Until a few years ago, I had a drawer in the kitchen where I kept take-out and delivery menus. Most were from my neighborhood, but I had quite a few from other neighborhoods. I wanted to be able to make suggestions in case my friends’ kitchen drawers weren’t overflowing with menus. I also had a number of restaurants programmed into my phone so I could call up and order something on my way home from wherever I happened to be. If I timed it right, the food would get there as I walked in the door. Eventually, the internet solved my kitchen clutter and kept me from scrolling endlessly through my phone’s address book.
Online ordering ordering services solved an even bigger problem for me — talking to restaurants. Surprisingly, I don’t enjoy ordering food over the phone. Invariably I forget something and have to call back, can’t understand the order taker, get put on hold and the call drops, have no time to listen to specials, etc. Plus, if I order food at the end of the day it usually means I’m tired and don’t want to deal with the world. Online ordering services also got me out of comfort zone and kept me from “the usual” because getting the same thing over and over was easier than trying to order something new or breaking in a new delivery place.
And so, I found GrubHub, settled into a happy online ordering routine, and didn’t look back. However, when a new-to-Chicago service, Delivery.Com, moved into town a few weeks ago and asked me to give them a try, I decided to take a more thorough look at my online ordering options. I surveyed the field, and threw in Eat24Hours.Com as another contender. There are other online delivery services (DeliverWe, CEODeliveries, DiningIn), but these were either restricted to a particular zip code range or catered towards corporate ordering.
The remaining three services operate in the same basic way — enter in an address, find a restaurant and place an order. They’re all free to use, will remember your favorite orders, and let you throw dinner on your credit card. The biggest differences are in the range of restaurants and in the online ordering experience. They each have their quirks.
If you’re looking at sheer number of restaurants that are hooked into the service, GrubHub is the clear winner. However, both Delivery.Com and Eat24Hours.Com had restaurants that delivered to my home that GrubHub did not. They also seem to have restaurants from a larger delivery range than GrubHub. I didn’t get into the distance in miles, but a few places from Evanston popped up on Delivery.Com that GrubHub didn’t mention. There’s also a difference in the type of restaurants, though it’s slight. Delivery.Com seems to have more Mexican options and Eat24Hours.Com seems to have more Indian fare for my delivery area than GrubHub.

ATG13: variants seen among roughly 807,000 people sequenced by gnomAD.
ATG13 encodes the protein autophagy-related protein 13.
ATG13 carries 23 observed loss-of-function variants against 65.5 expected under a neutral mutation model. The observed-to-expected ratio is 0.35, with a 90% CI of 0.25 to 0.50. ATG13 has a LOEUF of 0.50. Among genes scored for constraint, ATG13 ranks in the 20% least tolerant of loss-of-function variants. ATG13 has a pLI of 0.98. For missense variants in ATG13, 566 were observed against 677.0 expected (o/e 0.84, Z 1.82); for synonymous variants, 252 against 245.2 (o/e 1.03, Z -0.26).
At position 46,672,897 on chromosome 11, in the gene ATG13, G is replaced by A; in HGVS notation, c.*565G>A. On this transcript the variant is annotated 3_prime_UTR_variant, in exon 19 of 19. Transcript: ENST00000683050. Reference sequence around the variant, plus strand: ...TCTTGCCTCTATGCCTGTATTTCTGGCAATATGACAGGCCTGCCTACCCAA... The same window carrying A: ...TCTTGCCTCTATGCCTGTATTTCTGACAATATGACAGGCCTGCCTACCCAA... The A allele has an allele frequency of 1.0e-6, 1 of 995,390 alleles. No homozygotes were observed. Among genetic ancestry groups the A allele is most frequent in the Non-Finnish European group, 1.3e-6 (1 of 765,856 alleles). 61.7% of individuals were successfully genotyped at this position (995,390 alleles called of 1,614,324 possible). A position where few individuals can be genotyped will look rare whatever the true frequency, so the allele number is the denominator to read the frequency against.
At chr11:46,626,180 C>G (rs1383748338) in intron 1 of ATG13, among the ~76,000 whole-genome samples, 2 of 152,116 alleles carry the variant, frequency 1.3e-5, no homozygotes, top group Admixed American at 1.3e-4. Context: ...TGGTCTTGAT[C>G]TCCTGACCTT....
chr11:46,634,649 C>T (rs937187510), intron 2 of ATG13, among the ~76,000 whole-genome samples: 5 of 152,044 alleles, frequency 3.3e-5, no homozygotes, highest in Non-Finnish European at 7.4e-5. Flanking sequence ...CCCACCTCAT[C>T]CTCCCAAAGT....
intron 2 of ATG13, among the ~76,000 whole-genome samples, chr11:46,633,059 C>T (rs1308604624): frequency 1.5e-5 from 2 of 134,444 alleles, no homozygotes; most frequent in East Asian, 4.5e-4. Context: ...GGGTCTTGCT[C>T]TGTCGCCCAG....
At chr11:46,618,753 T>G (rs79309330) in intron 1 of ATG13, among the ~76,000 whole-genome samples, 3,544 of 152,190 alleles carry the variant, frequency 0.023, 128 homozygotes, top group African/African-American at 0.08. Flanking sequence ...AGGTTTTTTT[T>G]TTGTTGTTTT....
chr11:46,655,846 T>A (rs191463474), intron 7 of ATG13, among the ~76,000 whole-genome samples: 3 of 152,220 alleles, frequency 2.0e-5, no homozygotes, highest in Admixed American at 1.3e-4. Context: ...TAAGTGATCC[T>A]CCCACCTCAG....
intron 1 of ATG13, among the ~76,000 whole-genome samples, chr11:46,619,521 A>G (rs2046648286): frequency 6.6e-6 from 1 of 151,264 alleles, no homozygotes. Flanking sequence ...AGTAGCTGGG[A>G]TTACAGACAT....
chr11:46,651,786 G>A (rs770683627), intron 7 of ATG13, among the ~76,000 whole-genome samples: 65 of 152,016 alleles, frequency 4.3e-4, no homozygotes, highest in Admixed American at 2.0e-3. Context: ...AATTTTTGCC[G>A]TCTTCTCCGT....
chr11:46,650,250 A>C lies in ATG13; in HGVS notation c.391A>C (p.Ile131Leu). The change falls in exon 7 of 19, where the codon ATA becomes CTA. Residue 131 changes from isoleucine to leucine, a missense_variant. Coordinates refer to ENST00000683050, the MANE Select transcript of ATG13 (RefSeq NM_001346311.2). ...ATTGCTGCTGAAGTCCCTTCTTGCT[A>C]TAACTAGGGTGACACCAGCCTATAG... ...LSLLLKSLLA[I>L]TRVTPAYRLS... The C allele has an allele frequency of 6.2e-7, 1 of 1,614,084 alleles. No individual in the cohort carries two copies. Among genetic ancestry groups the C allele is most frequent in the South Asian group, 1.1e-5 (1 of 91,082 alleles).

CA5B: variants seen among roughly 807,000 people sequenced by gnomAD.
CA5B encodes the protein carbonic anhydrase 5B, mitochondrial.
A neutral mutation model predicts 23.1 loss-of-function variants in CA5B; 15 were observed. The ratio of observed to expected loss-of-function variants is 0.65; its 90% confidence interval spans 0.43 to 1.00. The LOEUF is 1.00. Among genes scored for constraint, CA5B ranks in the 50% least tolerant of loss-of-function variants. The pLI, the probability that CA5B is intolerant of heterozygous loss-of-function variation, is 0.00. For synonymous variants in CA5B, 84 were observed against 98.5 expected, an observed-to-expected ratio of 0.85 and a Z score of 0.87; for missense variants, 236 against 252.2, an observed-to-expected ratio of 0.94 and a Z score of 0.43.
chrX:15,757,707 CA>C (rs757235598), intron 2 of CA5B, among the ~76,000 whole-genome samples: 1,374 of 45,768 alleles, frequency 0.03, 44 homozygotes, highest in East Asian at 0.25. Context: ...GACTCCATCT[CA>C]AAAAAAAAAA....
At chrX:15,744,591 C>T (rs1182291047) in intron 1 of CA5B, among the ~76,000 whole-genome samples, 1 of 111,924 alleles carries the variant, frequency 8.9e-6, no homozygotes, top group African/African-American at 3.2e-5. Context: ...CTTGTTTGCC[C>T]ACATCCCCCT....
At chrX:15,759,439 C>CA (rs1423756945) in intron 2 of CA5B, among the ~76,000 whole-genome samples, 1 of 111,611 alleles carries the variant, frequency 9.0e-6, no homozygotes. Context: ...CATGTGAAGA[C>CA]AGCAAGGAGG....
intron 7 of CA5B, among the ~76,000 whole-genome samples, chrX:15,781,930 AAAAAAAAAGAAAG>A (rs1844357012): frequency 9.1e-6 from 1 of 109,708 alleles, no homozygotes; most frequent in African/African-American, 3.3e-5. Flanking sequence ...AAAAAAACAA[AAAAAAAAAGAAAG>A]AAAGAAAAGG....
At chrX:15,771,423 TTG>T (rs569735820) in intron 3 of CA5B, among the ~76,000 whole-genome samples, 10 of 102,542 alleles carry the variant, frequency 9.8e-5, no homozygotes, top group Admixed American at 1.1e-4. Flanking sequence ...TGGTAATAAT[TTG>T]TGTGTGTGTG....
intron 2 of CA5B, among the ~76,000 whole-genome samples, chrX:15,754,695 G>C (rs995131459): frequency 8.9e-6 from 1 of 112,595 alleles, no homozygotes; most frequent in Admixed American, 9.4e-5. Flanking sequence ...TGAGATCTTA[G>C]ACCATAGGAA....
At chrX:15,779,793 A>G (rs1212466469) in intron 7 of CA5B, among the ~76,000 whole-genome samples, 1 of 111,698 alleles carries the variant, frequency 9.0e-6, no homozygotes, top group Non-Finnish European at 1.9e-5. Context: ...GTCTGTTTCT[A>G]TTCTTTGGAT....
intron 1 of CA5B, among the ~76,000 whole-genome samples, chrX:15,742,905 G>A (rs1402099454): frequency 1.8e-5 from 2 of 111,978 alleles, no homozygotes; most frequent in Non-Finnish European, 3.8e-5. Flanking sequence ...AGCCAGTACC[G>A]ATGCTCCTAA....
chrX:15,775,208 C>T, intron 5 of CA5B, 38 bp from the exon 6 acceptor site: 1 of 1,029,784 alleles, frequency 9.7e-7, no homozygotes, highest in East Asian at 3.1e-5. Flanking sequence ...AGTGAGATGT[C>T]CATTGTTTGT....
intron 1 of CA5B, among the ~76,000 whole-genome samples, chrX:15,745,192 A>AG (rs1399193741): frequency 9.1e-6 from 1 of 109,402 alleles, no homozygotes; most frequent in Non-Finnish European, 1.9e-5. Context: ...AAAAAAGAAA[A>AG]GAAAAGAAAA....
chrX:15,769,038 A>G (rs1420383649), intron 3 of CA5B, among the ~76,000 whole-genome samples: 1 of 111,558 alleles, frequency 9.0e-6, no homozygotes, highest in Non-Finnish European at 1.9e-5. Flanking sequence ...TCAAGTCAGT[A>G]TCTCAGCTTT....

Each of the sites has different strengths, too. Eat24Hours.Com has a lovely tabbed menu and a running total of your order that follows you as you scroll. That’s nice because then you don’t have to go back and forth to see if you’ve met an order minimum or gone over budget. Their site was the cleanest, easiest to use site.
Delivery.Com has a scheduled delivery option right in the order menu. I didn’t realize how much I needed to have Thai food delivered at my door at exactly 5pm until I had it in my grasp. Brilliant! They give users of their site points for each order that you can spend on Delivery.Com goodies or put towards future orders. I like the customer loyalty program. The big downside? Most of the useful options are buried on the site and the whole thing is a little cluttered.
GrubHub puts the most popular items from each restaurant at the top of each menu, which is very nice for the order-challenged. They also bolster their restaurant numbers by including places that only take phone orders. For those who are equipped with smart phones, GrubHub is the only service that has an app.
I included screenshots of the first restaurant I found that intersected all three services in this post. Click on each to see the full screen to see how the sites display differently. More details and site information is available on my comparison spreadsheet. I hope it helps you make an informed online ordering decision.
Delivery.Com sprung for a week’s worth of lunch via their service. All other meals were paid for by the author.